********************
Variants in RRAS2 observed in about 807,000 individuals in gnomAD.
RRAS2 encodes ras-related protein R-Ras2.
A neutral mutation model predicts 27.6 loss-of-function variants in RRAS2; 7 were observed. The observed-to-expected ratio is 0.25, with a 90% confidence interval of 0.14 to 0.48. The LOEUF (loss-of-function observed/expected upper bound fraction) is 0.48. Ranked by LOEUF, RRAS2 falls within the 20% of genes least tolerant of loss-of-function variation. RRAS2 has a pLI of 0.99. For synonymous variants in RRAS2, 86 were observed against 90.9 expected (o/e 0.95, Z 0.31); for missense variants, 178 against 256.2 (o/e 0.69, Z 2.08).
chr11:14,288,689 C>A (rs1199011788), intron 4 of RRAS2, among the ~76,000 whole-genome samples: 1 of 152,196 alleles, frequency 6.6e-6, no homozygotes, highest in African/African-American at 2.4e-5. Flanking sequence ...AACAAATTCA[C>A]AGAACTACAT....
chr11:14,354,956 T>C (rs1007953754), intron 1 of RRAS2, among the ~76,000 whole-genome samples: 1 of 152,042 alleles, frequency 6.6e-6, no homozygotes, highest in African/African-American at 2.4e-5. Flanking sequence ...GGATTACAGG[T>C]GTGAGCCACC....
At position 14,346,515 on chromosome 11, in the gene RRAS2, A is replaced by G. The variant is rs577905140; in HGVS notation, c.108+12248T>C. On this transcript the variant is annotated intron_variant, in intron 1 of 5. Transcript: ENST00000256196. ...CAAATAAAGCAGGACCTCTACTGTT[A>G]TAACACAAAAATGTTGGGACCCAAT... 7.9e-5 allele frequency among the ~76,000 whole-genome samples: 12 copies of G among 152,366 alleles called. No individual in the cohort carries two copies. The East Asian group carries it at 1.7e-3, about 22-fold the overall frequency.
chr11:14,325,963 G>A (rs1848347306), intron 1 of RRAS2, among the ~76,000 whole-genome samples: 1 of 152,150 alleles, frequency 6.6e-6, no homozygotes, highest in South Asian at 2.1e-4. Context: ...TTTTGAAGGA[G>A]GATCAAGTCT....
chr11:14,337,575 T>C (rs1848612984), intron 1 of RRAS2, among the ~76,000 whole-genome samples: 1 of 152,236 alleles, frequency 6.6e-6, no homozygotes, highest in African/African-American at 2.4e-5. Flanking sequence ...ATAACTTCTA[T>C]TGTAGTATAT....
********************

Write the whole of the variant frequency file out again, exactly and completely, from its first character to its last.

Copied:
Variants in RRAS2 observed in about 807,000 individuals in gnomAD.
RRAS2 encodes ras-related protein R-Ras2.
A neutral mutation model predicts 27.6 loss-of-function variants in RRAS2; 7 were observed. The observed-to-expected ratio is 0.25, with a 90% confidence interval of 0.14 to 0.48. The LOEUF (loss-of-function observed/expected upper bound fraction) is 0.48. Ranked by LOEUF, RRAS2 falls within the 20% of genes least tolerant of loss-of-function variation. RRAS2 has a pLI of 0.99. For synonymous variants in RRAS2, 86 were observed against 90.9 expected (o/e 0.95, Z 0.31); for missense variants, 178 against 256.2 (o/e 0.69, Z 2.08).
chr11:14,288,689 C>A (rs1199011788), intron 4 of RRAS2, among the ~76,000 whole-genome samples: 1 of 152,196 alleles, frequency 6.6e-6, no homozygotes, highest in African/African-American at 2.4e-5. Flanking sequence ...AACAAATTCA[C>A]AGAACTACAT....
chr11:14,354,956 T>C (rs1007953754), intron 1 of RRAS2, among the ~76,000 whole-genome samples: 1 of 152,042 alleles, frequency 6.6e-6, no homozygotes, highest in African/African-American at 2.4e-5. Flanking sequence ...GGATTACAGG[T>C]GTGAGCCACC....
At position 14,346,515 on chromosome 11, in the gene RRAS2, A is replaced by G. The variant is rs577905140; in HGVS notation, c.108+12248T>C. On this transcript the variant is annotated intron_variant, in intron 1 of 5. Transcript: ENST00000256196. ...CAAATAAAGCAGGACCTCTACTGTT[A>G]TAACACAAAAATGTTGGGACCCAAT... 7.9e-5 allele frequency among the ~76,000 whole-genome samples: 12 copies of G among 152,366 alleles called. No individual in the cohort carries two copies. The East Asian group carries it at 1.7e-3, about 22-fold the overall frequency.
chr11:14,325,963 G>A (rs1848347306), intron 1 of RRAS2, among the ~76,000 whole-genome samples: 1 of 152,150 alleles, frequency 6.6e-6, no homozygotes, highest in South Asian at 2.1e-4. Context: ...TTTTGAAGGA[G>A]GATCAAGTCT....
chr11:14,337,575 T>C (rs1848612984), intron 1 of RRAS2, among the ~76,000 whole-genome samples: 1 of 152,236 alleles, frequency 6.6e-6, no homozygotes, highest in African/African-American at 2.4e-5. Flanking sequence ...ATAACTTCTA[T>C]TGTAGTATAT....